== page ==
Unfortunately, the same can’t be said with Jodie Foster, who plays the Secretary of Defense on Elysium. Somehow, her performance is even more over the top than Copley’s, yet lacking in character depth. Her plot to stage a coup and become president of Elysium is what sets everything in motion, yet we don’t get a lot of character development aside from her aspirations of power. She’s an extremely one-sided character who spends each scene snarling and conniving behind everyone’s backs. We’re supposed to get this idea that she’s an elegant and intelligent woman with a ruthless streak and a superiority complex, especially to the people of Earth. However, I had a hard time establishing that image in my head because we never really learn what her motivations are or why she’s so ruthless, other than the fact that she wants to be in charge.
On that note, there’s a lot going on in this film that we really don’t get to spend much time with. There are multiple narrative threads throughout that begin to unravel as characters cross paths and stakes are raised. With so much going on at once, it’s a shame that the film’s central theme about class warfare gets lost underneath all the cool action scenes. It’s a shame, because it’s the kind of theme that I would expect Blomkamp to be able to masterfully weave into an allegorical narrative in a way that fits with his vision of a futuristic world as well as the present-day world.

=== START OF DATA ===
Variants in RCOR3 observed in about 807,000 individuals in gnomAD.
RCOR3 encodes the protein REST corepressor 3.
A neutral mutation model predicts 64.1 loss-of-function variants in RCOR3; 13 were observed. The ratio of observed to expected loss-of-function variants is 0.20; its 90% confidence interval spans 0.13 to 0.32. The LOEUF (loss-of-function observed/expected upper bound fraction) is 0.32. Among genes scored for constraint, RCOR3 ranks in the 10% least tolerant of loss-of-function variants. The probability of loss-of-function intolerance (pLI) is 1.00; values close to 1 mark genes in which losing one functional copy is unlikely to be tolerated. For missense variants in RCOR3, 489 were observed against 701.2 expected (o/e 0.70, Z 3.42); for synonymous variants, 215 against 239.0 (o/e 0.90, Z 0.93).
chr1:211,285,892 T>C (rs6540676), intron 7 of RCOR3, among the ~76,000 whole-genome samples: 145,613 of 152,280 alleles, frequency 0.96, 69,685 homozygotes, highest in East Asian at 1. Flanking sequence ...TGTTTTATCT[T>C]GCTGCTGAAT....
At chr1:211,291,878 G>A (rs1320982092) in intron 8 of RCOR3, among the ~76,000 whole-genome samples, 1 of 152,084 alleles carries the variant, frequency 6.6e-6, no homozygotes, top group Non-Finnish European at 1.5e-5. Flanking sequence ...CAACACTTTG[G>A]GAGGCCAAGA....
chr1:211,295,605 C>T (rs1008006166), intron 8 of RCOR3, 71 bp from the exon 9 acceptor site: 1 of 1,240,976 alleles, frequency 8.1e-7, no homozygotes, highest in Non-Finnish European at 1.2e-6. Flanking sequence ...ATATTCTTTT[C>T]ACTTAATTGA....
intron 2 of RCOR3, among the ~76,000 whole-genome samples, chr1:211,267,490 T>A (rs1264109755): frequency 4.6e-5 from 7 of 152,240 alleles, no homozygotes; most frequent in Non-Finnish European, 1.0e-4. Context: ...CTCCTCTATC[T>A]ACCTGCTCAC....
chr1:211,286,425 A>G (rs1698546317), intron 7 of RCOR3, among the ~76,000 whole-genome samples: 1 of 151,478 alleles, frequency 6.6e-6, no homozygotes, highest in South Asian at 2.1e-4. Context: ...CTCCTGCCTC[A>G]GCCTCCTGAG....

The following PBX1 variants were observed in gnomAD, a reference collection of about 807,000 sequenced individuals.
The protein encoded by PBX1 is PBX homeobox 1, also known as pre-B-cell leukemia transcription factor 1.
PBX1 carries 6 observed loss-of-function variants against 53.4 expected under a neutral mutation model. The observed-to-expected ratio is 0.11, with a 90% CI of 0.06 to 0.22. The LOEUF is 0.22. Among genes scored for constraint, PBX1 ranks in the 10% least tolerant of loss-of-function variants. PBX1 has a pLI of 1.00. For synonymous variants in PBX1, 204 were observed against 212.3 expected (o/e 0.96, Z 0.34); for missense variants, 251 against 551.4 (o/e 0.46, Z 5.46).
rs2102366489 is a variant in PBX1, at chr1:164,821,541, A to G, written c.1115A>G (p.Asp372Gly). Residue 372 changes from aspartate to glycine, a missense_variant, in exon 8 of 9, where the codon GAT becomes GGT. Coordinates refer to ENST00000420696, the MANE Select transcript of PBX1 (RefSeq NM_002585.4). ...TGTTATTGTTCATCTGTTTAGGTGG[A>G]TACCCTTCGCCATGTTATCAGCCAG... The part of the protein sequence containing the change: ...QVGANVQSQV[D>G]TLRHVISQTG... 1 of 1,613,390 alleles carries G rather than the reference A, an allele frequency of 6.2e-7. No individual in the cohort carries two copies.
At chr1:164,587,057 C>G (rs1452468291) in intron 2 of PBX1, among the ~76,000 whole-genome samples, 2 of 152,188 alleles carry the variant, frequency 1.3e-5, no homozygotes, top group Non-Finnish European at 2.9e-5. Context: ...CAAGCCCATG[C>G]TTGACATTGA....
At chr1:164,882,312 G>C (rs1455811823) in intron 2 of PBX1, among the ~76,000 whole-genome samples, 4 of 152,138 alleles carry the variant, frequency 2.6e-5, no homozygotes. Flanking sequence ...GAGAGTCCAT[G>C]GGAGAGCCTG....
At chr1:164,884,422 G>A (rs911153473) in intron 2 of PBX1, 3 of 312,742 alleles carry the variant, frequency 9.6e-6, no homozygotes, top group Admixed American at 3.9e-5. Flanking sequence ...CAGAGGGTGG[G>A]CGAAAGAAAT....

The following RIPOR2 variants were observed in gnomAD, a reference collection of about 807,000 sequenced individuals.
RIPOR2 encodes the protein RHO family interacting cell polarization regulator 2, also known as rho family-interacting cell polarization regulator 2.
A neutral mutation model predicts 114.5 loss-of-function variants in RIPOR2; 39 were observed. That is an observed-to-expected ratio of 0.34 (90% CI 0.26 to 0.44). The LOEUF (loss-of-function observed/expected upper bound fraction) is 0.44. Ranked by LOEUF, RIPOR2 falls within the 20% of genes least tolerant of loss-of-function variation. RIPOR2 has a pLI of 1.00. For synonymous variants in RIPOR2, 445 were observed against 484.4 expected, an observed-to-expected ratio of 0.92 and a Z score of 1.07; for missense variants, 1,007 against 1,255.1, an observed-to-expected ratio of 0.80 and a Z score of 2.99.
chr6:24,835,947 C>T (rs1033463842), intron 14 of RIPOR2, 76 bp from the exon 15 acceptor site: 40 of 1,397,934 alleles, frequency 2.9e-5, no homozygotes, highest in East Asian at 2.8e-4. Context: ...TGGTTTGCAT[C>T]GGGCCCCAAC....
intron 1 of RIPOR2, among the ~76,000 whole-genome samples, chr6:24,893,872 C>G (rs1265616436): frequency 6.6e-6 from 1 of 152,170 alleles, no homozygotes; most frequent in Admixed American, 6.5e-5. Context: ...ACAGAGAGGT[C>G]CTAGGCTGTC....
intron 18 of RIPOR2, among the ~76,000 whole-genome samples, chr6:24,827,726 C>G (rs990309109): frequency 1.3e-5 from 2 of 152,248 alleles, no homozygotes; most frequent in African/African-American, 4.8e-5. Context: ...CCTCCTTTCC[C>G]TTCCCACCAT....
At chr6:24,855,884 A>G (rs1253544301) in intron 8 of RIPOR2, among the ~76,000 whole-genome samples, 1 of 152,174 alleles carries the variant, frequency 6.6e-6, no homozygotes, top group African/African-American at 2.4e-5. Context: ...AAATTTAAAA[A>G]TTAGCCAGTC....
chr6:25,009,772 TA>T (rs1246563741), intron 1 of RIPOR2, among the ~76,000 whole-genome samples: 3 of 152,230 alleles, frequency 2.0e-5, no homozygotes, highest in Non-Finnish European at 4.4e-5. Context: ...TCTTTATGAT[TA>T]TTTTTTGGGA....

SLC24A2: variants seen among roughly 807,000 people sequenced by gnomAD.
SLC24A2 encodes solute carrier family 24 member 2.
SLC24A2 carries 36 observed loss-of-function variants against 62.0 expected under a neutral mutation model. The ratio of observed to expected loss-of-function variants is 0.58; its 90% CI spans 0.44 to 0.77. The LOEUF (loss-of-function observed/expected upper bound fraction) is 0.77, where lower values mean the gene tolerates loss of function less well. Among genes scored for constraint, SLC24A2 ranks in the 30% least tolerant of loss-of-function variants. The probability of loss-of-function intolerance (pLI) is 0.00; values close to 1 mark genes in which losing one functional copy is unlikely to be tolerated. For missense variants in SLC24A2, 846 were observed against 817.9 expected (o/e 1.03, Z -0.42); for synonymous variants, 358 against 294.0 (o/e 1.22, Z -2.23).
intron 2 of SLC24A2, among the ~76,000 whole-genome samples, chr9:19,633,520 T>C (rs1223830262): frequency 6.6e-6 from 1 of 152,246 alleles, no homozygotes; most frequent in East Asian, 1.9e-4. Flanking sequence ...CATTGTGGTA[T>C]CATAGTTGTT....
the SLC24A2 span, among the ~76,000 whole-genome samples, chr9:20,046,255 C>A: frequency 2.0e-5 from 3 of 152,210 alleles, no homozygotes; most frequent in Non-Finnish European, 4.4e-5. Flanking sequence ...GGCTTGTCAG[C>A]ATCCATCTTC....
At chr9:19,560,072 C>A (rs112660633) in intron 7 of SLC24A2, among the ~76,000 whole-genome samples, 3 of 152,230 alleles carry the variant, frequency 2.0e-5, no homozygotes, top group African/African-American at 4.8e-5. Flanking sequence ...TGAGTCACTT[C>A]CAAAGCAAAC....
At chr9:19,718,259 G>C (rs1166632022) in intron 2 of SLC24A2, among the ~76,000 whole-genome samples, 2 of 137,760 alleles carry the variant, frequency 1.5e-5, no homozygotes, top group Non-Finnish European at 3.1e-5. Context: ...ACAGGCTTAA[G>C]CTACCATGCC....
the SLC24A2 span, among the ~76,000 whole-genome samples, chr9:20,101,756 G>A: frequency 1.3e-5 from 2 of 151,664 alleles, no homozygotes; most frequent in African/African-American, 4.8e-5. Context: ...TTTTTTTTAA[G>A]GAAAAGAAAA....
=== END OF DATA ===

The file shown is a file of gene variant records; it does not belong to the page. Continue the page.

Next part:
Instead, he sort of dances around the issue by not exploring it deep enough. We get it: capitalism and social status is bad for humanity in general. But like a one-dimensional character, I felt like the world of Elysium could’ve used more development in order to give those themes more impact. We never find out what lead the world to become this way, or how a select few were able to establish their own government and society out in space. There’s also the fact that most of the people we see are either white or hispanic; nearly all the people shown on Elysium were white as well. If you’re gonna try and show a world that is on the brink of ruin, it’d be nice to see more of that world outside of Los Angeles.
I still enjoyed Elysium a lot. I’m all for original sci-fi movies that aren’t based on any preexisting materials or franchises. It’s got a great blend of sci-fi, social commentary, and action all wrapped up in a gritty “real-world” package. It’s the kind of stuff that Neill Blomkamp excels in. However, he absolutely missed an opportunity to tell a deep and complex story if he had decided to delve further into the issues he brings up. It waters down the overall message of the film, especially with an ending that’s almost too neat. At the very least, Elysium is a great action flick that, ironically, is a lot more entertaining to watch than it is to watch it try and deliver some deeper message.